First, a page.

What is a crate?
Crates, also known as “kennels,” act as a den for your dog, hearkening back to their wolf ancestors. They’re a safe space for them to sleep or relax, away from the hustle and bustle of the household. Crates also give you a safe place to put your dog when you leave the house. Even the best trained dog can get into things they shouldn’t, and as the saying goes, always better safe than sorry!
Crates are also highly recommended for housetraining a puppy. In general, dogs will not potty where they sleep, so by crating your puppy when you are not around to bring them outside for potty breaks, you can avoid accidents.
What size crate should I get?
The general rule of thumb is the crate should be big enough for the dog to stand up, turn around, and lie down. When housetraining your puppy, it is a must to abide by this rule! Dogs will not potty where they sleep, but if the crate is too big for your puppy then they will simply potty away from where they sleep in the crate. Most crates these days come with a “divider,” allowing you to buy the full-size crate your puppy will need as an adult. The divider will block off the extra space and you can slowly move it in the crate as your puppy ages and grows.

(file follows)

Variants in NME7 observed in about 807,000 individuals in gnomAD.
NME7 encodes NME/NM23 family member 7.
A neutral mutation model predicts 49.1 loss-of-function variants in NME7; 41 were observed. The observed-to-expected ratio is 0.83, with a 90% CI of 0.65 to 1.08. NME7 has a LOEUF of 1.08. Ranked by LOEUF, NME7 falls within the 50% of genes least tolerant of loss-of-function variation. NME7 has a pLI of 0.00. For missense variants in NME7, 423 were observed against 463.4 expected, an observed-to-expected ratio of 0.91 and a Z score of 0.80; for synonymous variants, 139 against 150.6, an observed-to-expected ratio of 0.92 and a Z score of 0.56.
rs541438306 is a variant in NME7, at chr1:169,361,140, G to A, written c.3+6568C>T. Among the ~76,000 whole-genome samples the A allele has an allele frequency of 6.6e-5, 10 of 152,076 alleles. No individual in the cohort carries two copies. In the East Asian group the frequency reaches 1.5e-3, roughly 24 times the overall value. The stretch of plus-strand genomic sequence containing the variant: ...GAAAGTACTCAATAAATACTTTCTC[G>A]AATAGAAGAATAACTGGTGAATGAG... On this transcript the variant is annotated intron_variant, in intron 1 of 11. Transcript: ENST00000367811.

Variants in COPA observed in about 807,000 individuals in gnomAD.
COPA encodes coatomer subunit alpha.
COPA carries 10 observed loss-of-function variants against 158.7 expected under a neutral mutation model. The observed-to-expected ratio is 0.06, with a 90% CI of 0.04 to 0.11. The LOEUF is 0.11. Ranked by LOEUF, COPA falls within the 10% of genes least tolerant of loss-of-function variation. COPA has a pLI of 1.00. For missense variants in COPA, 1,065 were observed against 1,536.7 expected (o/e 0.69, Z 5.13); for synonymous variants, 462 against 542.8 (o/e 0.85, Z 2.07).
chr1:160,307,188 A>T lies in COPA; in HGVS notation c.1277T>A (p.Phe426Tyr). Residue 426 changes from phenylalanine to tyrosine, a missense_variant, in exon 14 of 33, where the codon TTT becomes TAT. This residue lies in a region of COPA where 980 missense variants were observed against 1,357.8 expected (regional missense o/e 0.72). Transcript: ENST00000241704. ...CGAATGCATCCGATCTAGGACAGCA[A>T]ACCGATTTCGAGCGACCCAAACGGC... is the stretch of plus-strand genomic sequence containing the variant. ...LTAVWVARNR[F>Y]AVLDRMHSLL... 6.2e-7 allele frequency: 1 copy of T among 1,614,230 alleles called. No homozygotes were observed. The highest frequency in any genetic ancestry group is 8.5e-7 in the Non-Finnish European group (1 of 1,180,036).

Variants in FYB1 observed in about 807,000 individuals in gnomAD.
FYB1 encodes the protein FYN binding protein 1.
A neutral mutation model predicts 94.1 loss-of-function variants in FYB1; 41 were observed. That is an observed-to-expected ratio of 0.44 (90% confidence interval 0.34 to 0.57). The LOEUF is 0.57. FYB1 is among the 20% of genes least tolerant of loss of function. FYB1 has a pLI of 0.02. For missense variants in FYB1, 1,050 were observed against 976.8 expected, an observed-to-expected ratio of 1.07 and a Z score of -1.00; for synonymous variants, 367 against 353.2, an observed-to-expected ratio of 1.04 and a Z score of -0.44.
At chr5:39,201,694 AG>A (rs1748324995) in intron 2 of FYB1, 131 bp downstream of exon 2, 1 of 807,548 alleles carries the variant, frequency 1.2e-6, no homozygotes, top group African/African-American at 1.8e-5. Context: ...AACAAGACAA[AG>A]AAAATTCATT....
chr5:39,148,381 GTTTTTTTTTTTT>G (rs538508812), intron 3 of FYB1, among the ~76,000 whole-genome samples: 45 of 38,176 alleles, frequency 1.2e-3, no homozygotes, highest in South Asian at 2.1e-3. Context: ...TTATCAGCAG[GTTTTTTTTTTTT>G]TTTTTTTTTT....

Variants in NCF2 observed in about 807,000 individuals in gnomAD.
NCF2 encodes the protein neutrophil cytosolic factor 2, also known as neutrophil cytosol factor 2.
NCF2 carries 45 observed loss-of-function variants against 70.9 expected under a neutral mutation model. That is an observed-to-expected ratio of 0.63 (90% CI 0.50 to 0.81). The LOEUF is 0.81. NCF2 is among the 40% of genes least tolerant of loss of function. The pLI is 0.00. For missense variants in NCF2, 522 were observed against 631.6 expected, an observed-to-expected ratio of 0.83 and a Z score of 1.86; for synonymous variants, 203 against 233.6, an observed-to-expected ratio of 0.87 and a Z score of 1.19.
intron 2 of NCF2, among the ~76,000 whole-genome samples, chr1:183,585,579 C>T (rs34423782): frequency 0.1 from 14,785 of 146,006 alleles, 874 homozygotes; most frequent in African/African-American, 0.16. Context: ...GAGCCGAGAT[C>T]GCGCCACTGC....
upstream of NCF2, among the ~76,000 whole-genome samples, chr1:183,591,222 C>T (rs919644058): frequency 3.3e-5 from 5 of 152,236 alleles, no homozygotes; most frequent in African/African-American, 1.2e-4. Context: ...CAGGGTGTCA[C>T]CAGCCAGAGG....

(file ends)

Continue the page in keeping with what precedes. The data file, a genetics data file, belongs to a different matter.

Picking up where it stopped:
As your dog gets older, this rule becomes less and less important to follow. Although a fully grown and trained dog can have a crate larger than recommended, but they should never have a crate smaller than recommended!
For lining the crate, you can use a crate liner (a type of thin bedding), a dog bed that measures a similar size to the crate, or a blanket or towel. For puppies, it’s wise to start with something you don’t mind replacing as they might shred any lining you put in there.
How do I get started on crate training?
For starters, never force your dog to enter the crate! This could create a negative association. You should also take any collar or harness off your dog before leaving them unattended in a crate.
If you have a puppy, crate training is pretty simple and straightforward. Start by tossing treats into the crate and getting them comfortable to going in and out of it. Give them a lasting toy, like a Kong filled with frozen peanut butter, to chew on and play with in the crate. Play “crate games” with them; e.g. toss a ball into the crate for them to retrieve. Puppies often adapt quickly to a crate but may still have periods of whining. It is important to distinguish between whines that signify “I need to potty” and whines that signify “I want to come out.” You should be careful not to give into the latter type of whining, but that does not mean to leave your puppy in the crate forever either. Simply wait until the whining stops, count a few seconds, and then let your puppy out. Use the whining as a lesson for yourself, as well! You should strive not to leave your puppy in the crate so long that they begin whining.